Contributions from diffuse sources ranged from 88–100% of the estimated annual total phosphorus loads generated. Similar results were found for diffuse sources of total nitrogen, which ranged from 74–99% of the estimated annual loads. It is important to note that STP discharges are the only point source included in Figure 5.2. Much of the STP loads in coastal catchments, such as the Manning, Richmond and Hunter, are discharged to marine and estuarine waters and all of these loads in the Port Jackson and Botany Bay catchments are discharged to marine waters through deep ocean outfalls. Although these discharges do not contribute to nutrient levels in surface water, they may have consequences for marine and estuarine health (see Water 5.6).

Diffuse sources are therefore clearly the most important origin of surface water nutrients in NSW. However, the relative importance of diffuse and point sources of pollutants varies from catchment to catchment and with the type of pollutant discharged. Point sources that discharge continuously into conditions dominated by low flows can have a greater impact than the higher annual loads of diffuse-source pollution. This is because diffuse sources of pollutants usually discharge during wet weather when high flows are able to dilute the pollutant concentrations. On the other hand, a diffuse-source pollution load may have a greater impact when pollutants are not quickly flushed from the system or assimilated.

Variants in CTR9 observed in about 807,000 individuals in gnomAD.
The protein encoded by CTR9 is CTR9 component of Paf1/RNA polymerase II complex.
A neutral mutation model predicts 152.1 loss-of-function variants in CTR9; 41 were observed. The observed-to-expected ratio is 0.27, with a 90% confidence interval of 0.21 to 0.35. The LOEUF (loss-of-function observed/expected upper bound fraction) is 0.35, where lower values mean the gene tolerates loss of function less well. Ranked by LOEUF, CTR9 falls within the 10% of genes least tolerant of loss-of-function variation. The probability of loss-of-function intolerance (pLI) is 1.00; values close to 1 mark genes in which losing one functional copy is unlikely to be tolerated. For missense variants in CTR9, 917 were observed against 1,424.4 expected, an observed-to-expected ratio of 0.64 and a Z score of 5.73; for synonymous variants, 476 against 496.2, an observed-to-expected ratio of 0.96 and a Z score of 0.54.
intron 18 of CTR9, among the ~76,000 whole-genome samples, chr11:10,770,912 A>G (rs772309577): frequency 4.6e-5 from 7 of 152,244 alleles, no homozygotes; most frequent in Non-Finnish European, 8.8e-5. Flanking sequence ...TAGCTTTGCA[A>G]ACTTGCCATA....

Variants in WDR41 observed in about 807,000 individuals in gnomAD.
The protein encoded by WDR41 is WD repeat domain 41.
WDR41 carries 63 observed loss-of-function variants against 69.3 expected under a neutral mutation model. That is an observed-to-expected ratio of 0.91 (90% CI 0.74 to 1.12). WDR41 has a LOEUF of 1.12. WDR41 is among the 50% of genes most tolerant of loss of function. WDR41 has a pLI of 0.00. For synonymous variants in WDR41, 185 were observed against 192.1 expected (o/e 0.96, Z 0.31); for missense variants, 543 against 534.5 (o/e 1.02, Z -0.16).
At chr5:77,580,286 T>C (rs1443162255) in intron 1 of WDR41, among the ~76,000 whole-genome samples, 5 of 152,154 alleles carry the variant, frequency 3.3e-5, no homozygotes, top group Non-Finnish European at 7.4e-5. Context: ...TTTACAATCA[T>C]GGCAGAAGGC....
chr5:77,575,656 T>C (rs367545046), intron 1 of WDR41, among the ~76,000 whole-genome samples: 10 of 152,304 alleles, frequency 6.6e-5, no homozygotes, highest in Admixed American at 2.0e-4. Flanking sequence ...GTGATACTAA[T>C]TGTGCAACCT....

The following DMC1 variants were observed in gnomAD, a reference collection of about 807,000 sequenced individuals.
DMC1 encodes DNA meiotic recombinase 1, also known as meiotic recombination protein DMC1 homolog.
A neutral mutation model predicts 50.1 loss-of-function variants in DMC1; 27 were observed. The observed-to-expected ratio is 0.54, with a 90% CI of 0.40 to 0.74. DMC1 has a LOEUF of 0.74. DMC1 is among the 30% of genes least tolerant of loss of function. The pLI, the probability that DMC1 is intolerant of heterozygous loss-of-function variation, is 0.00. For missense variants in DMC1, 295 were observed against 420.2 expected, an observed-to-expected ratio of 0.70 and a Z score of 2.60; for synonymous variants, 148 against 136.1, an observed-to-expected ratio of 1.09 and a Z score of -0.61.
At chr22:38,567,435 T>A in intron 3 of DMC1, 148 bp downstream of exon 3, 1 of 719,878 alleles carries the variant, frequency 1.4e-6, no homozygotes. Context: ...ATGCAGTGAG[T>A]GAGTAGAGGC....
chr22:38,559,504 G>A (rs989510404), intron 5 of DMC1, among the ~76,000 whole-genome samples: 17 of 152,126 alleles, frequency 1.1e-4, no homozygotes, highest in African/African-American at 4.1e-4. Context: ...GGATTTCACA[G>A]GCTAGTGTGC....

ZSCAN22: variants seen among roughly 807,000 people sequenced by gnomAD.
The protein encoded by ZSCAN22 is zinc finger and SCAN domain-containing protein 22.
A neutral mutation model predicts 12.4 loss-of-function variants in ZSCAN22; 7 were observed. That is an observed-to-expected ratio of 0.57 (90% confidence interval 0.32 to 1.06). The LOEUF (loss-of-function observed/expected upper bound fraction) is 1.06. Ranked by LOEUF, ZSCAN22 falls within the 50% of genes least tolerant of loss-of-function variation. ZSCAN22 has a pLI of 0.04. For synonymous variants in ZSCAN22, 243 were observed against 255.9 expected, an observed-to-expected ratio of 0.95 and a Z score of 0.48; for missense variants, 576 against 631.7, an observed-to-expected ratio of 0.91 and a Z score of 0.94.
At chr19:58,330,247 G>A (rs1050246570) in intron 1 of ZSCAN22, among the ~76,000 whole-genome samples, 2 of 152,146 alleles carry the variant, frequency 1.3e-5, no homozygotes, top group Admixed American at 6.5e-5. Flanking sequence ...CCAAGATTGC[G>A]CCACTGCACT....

Loads from diffuse sources are dependent on the intensity of various land uses. An assessment of the Murray–Darling Basin showed cropping generating just over 50% of the total phosphorus load, despite making up less than 10% of land use in the basin (Atech Group 2000). Figure 5.2 also shows the breakdown of diffuse phosphorus loads from different land uses within the selected catchments. In densely populated catchments, such as Port Jackson and Botany Bay, phosphorus from diffuse sources comes predominantly from urban runoff. In less urbanised catchments, such as the Border Rivers, Gwydir and Lachlan, agricultural runoff contributes most of the phosphorus.

Data on diffuse-source pollution is currently only available for nutrients. However, because the presence of nutrients is often a reflection of an erosion problem (NLWRA 2002b), the loads of other pollutants associated with erosion, such as sediment and pesticides, are also likely to be high in diffuse pollution.

Dealing with diffuse-source pollution is often cheaper than further reducing point-source pollution. For example, the cost of upgrading a modern STP to reduce phosphorus discharge can be as high as $10,000 per kilogram saved per year. In contrast, the cost of reducing phosphorus from some diffuse sources in the South Creek catchment has been estimated at $10–$200 per kilogram (McNamara & Cornish 2001), although this cost varies between catchments and land uses. These wide differences in costs may have major implications for deciding where and how to direct efforts to reduce pollution.